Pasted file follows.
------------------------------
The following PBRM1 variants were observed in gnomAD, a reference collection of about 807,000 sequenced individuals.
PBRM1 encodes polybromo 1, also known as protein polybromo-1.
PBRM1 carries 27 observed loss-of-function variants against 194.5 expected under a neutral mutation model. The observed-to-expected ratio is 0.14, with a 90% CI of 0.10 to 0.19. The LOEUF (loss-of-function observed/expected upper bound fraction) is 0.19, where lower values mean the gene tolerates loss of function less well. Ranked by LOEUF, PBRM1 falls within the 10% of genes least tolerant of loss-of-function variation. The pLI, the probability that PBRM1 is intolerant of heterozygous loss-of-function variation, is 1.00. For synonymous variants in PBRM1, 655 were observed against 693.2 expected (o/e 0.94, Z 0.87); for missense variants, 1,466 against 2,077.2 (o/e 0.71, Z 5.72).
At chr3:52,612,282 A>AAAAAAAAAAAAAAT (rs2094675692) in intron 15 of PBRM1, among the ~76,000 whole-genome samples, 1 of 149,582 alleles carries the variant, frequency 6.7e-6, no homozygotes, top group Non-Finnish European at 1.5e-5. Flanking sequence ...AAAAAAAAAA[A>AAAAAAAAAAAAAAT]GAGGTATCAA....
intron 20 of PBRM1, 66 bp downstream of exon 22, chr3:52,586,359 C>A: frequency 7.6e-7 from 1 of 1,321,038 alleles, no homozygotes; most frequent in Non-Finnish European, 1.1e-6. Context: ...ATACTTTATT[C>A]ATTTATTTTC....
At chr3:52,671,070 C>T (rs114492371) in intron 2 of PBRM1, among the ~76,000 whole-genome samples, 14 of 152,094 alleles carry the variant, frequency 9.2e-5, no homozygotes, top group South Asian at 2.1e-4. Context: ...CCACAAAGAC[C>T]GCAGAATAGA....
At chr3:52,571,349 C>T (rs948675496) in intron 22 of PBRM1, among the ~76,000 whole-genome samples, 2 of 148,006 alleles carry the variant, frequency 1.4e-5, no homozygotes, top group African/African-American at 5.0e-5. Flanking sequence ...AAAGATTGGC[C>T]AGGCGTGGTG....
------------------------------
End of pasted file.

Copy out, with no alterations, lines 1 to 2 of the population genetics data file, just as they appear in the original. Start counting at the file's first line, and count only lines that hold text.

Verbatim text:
The following PBRM1 variants were observed in gnomAD, a reference collection of about 807,000 sequenced individuals.
PBRM1 encodes polybromo 1, also known as protein polybromo-1.